Electric Potential

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# Electric Potential - PowerPoint PPT Presentation

Electric Potential. Physics 102 Professor Lee Carkner Lecture 11. PAL #10. q 2 = +4 m C. Find E 1 and E 2 E 1 = 8.99X10 9 (2X10 -6 )/(3 2 ) = 1124 N /C r 2 2 = 3 2 + 4 2 r 2 = 5 m E 2 = 8.99X10 9 (4X10 -6 )/(5 2 ) = 1438 N /C Find q 1 and q 2 q 1 = 0 (right on x-axis)

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## Electric Potential

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Electric Potential

Physics 102

Professor Lee Carkner

Lecture 11

PAL #10

q2 = +4 mC

• Find E1 and E2
• E1 = 8.99X109(2X10-6)/(32) = 1124N /C
• r22 = 32 + 42
• r2 = 5 m
• E2 = 8.99X109(4X10-6)/(52) = 1438N /C
• Find q1 and q2
• q1 = 0 (right on x-axis)
• Can get q2 from triangle
• tan q2 = ¾, q2 = 37 degrees
• q2 is below X axis so is -37

r2 =5 m

3 m

q2

E1

q2

4 m

E2

q1 = +2 mC

PAL #10

q2 = +4 mC

• Find X and Y components
• E1x = E1 cos q1 = 1124 cos 0 = 1124 N/C
• E1y = E1 sin q1 = 1124 sin 0 = 0
• E2x = E2 cos q2 = 1438 cos -37 = 1148 N/C
• E2y = E2 sin q2 = 1438 cos -37 = -865 N/C
• Find total E vector and angle
• Etotal,x = E1x + E2x = 1124 + 1148 = 2272 N/C
• Etotal,y = E1y + E2y = 0 – 865 = -865 N/C
• E2total = E2total,x + E2total,y
• E = (22722 +8652)½
• E = 2431 N/C
• tan qtotal = Etotal,x / Etotal,y = -865 / 2272
• qtotal = -20 degrees
• 20 degrees below + X axis

r2 =5 m

3 m

E1

q2

q2

4 m

E2

q1 = +2 mC

Electrical Potential Energy
• The value of the potential tells us how much potential energy is at that point per unit charge
• V = PE/q or PE = Vq
• 1V = 1 J/C
• Which could be converted into work or kinetic energy
Point Charges and Potential
• Consider a point charge Q, what is the potential for the area around it?
• At infinity the potential is zero
• It can be shown that:

V = ke Q / r

• Q is charge providing potential, q is charge experiencing potential
Finding Potential
• If the potential is provided by an arrangement of charges:
• Total V = V1 + V2 + V3 …
• DV = -Ed
• We don’t know the potential at anyone point, but we can find the difference between two points separated by a distance d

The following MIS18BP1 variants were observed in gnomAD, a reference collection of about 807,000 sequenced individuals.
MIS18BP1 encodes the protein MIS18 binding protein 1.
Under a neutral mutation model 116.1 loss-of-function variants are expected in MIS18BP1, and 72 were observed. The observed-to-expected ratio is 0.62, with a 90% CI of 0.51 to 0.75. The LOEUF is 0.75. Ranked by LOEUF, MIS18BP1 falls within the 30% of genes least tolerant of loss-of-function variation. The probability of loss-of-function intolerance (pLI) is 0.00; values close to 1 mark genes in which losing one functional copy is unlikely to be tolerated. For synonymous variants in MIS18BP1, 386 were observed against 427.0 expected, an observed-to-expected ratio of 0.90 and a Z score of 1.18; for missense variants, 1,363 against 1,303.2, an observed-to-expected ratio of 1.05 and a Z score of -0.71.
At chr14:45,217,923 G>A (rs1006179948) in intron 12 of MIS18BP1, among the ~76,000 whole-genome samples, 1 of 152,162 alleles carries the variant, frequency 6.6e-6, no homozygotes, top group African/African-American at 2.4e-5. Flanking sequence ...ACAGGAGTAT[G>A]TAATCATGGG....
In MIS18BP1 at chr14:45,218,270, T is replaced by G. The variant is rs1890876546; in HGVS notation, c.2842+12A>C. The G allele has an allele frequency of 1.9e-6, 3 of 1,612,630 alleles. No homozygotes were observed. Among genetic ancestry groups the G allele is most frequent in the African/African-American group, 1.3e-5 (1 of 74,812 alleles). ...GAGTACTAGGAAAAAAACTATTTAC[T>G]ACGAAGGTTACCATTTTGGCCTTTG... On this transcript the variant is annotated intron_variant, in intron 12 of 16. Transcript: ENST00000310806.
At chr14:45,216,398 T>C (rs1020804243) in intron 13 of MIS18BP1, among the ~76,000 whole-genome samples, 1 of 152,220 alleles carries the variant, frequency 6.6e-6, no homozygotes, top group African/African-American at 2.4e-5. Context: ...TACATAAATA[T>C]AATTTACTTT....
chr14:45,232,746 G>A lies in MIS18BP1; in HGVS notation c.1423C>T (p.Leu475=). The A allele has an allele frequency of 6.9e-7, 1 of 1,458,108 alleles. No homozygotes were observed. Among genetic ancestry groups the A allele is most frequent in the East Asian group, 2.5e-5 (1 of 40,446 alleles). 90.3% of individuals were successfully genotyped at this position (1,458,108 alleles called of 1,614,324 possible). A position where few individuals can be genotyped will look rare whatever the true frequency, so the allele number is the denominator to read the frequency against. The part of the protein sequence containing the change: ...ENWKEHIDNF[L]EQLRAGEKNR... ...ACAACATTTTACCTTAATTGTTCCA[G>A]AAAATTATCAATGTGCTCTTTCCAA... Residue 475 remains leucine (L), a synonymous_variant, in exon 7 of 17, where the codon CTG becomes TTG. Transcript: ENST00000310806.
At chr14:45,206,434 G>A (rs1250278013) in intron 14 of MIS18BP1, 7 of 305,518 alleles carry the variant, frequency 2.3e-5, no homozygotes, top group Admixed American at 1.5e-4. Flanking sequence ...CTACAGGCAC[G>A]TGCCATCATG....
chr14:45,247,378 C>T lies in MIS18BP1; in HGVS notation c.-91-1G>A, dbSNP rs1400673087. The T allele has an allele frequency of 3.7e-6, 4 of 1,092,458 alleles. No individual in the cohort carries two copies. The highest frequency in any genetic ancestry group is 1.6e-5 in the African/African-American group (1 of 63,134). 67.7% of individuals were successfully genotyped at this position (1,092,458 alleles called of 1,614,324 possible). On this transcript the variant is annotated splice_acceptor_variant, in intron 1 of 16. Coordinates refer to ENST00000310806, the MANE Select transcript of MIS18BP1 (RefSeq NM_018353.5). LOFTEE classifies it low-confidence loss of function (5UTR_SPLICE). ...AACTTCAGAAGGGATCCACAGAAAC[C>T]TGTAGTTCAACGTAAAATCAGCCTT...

Potential and Energy
• The change in energy is:

DPE = Vfq – Viq = q(Vf-Vi) = qDV

DPE = -W

• Energy could be converted into kinetic energy:

DPE = DKE

KEi + PEi = KEf + PEf

• Particle could speed up or slow down
Problem Solving
• Particle moving between two points of different potential
• Find DV and then DPE (=qDV)
• Add or subtract DPE to initial energy of particle
Signs
• As a positive charge moves with the electric field, the particle gains kinetic energy and loses potential energy
• Like dropping a ball in a gravitational field
• the electric field does positive work
• If a positive charge is forced backwards against an electric field, the particle loses kinetic energy and gains potential energy
• like rolling a ball up a hill
• the field “does” negative work
Potential and Charges
• A negative particle:
• Opposite of positive particle
• A negative particle has the most potential energy at low potential
• The potential and the potential energy are two different things
• Potential at a point is the same no mater what kind of test charge is put there

High potential

Low potential

Work
• Since energy must be conserved:
• DPE + W = 0 or DPE = -W
• Work done by the field is positive if it decreases the potential energy
• The “natural” movement
• When the charge is forced in the “unnatural” direction
• The negative work done by the system is the positive work done on the system
Down

gain KE

lose PE

field does +work

“natural”

Up

lose KE

gain PE

you do work

field “does” negative work

“forced”

For negative particle, everything is backwards

But high and low potential are still in the same place

High potential

+

E

Low potential

Equipotentials

Blue = field = E

Dashed = potential = V

• Each line represents one value of V
• Particles moving along an equipotential do not gain or lose energy
• Equipotentials cannot cross
Next Time
• Homework, Ch 17: P 10, 20, 35, 46

sign of DPE

sign of DV

sign of W

naturally?

+ charge moves with E field

+ charge moves against E field

-charge moves with E field

-charge moves against E field

Electric Potential Chart
The above electric field,
• increases to the right
• increases to the left
• increases up
• increases down
• is uniform
Is it possible to have a zero electric field on a line connecting two positive charges?
• Yes, at one point on the line
• Yes, along the entire line
• No, the electric field must always be greater than zero
• No, but it would be possible for two negative charges
• No, the electric field is only zero at large distances